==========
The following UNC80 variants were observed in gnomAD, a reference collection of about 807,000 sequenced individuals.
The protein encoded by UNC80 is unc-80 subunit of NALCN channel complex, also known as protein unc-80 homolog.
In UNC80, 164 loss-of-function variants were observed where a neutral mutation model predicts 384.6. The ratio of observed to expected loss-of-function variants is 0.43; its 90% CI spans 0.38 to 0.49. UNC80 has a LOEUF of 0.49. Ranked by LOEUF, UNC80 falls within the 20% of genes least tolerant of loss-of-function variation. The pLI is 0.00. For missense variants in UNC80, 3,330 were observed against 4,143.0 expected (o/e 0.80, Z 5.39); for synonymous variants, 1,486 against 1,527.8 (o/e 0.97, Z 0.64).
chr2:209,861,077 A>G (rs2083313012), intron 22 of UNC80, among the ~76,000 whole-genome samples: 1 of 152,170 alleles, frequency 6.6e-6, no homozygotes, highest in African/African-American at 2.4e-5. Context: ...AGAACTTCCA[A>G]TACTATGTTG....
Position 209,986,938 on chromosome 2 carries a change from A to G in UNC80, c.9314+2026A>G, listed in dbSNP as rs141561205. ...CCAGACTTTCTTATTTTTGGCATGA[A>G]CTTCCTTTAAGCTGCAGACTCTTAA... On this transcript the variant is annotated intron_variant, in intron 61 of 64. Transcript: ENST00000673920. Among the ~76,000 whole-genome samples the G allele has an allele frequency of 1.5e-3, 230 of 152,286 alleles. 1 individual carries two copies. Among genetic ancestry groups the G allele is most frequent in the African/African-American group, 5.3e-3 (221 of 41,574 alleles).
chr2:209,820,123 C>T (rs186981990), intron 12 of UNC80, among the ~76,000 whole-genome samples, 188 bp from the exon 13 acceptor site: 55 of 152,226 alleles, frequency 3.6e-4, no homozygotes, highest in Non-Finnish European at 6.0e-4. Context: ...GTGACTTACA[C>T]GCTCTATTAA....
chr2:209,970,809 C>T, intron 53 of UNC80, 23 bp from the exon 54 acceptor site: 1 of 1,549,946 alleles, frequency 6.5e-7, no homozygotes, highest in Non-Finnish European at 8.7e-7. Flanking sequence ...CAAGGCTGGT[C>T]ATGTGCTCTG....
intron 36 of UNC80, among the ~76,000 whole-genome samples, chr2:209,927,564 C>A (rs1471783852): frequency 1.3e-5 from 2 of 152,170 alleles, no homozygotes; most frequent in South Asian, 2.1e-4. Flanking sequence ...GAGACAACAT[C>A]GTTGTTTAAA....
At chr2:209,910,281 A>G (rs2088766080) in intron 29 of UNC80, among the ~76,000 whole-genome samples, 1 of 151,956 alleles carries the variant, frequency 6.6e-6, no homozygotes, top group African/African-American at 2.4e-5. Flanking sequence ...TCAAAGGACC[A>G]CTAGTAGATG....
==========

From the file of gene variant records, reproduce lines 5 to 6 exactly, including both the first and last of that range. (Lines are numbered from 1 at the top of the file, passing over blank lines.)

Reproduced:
Position 209,986,938 on chromosome 2 carries a change from A to G in UNC80, c.9314+2026A>G, listed in dbSNP as rs141561205. ...CCAGACTTTCTTATTTTTGGCATGA[A>G]CTTCCTTTAAGCTGCAGACTCTTAA... On this transcript the variant is annotated intron_variant, in intron 61 of 64. Transcript: ENST00000673920. Among the ~76,000 whole-genome samples the G allele has an allele frequency of 1.5e-3, 230 of 152,286 alleles. 1 individual carries two copies. Among genetic ancestry groups the G allele is most frequent in the African/African-American group, 5.3e-3 (221 of 41,574 alleles).
chr2:209,820,123 C>T (rs186981990), intron 12 of UNC80, among the ~76,000 whole-genome samples, 188 bp from the exon 13 acceptor site: 55 of 152,226 alleles, frequency 3.6e-4, no homozygotes, highest in Non-Finnish European at 6.0e-4. Context: ...GTGACTTACA[C>T]GCTCTATTAA....